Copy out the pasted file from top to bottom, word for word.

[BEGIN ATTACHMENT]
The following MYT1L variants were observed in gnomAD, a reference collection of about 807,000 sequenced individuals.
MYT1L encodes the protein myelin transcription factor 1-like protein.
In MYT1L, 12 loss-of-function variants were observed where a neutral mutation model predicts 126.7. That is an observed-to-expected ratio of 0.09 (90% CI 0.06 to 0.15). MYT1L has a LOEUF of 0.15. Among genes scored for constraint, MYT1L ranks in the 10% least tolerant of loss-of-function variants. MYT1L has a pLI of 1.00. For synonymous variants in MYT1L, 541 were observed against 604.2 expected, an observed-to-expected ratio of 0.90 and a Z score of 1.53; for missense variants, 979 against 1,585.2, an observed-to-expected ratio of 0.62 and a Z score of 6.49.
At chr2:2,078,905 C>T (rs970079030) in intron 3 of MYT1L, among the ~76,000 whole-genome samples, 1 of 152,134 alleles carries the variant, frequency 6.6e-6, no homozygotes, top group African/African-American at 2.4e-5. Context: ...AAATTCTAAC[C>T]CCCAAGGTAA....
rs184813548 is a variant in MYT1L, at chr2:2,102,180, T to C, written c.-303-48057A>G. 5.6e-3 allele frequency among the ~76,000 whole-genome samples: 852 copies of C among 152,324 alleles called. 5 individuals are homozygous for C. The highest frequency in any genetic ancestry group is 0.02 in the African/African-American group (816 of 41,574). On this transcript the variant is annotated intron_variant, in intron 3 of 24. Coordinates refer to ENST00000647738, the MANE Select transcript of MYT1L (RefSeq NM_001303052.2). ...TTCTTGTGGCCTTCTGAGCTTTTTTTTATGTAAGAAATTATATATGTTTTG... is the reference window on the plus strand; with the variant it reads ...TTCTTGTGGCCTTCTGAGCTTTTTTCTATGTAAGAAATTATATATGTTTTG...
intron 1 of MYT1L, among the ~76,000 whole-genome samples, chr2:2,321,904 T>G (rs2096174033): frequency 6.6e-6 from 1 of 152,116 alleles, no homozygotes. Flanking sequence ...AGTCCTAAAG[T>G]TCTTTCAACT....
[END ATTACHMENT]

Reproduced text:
The following MYT1L variants were observed in gnomAD, a reference collection of about 807,000 sequenced individuals.
MYT1L encodes the protein myelin transcription factor 1-like protein.
In MYT1L, 12 loss-of-function variants were observed where a neutral mutation model predicts 126.7. That is an observed-to-expected ratio of 0.09 (90% CI 0.06 to 0.15). MYT1L has a LOEUF of 0.15. Among genes scored for constraint, MYT1L ranks in the 10% least tolerant of loss-of-function variants. MYT1L has a pLI of 1.00. For synonymous variants in MYT1L, 541 were observed against 604.2 expected, an observed-to-expected ratio of 0.90 and a Z score of 1.53; for missense variants, 979 against 1,585.2, an observed-to-expected ratio of 0.62 and a Z score of 6.49.
At chr2:2,078,905 C>T (rs970079030) in intron 3 of MYT1L, among the ~76,000 whole-genome samples, 1 of 152,134 alleles carries the variant, frequency 6.6e-6, no homozygotes, top group African/African-American at 2.4e-5. Context: ...AAATTCTAAC[C>T]CCCAAGGTAA....
rs184813548 is a variant in MYT1L, at chr2:2,102,180, T to C, written c.-303-48057A>G. 5.6e-3 allele frequency among the ~76,000 whole-genome samples: 852 copies of C among 152,324 alleles called. 5 individuals are homozygous for C. The highest frequency in any genetic ancestry group is 0.02 in the African/African-American group (816 of 41,574). On this transcript the variant is annotated intron_variant, in intron 3 of 24. Coordinates refer to ENST00000647738, the MANE Select transcript of MYT1L (RefSeq NM_001303052.2). ...TTCTTGTGGCCTTCTGAGCTTTTTTTTATGTAAGAAATTATATATGTTTTG... is the reference window on the plus strand; with the variant it reads ...TTCTTGTGGCCTTCTGAGCTTTTTTCTATGTAAGAAATTATATATGTTTTG...
intron 1 of MYT1L, among the ~76,000 whole-genome samples, chr2:2,321,904 T>G (rs2096174033): frequency 6.6e-6 from 1 of 152,116 alleles, no homozygotes. Flanking sequence ...AGTCCTAAAG[T>G]TCTTTCAACT....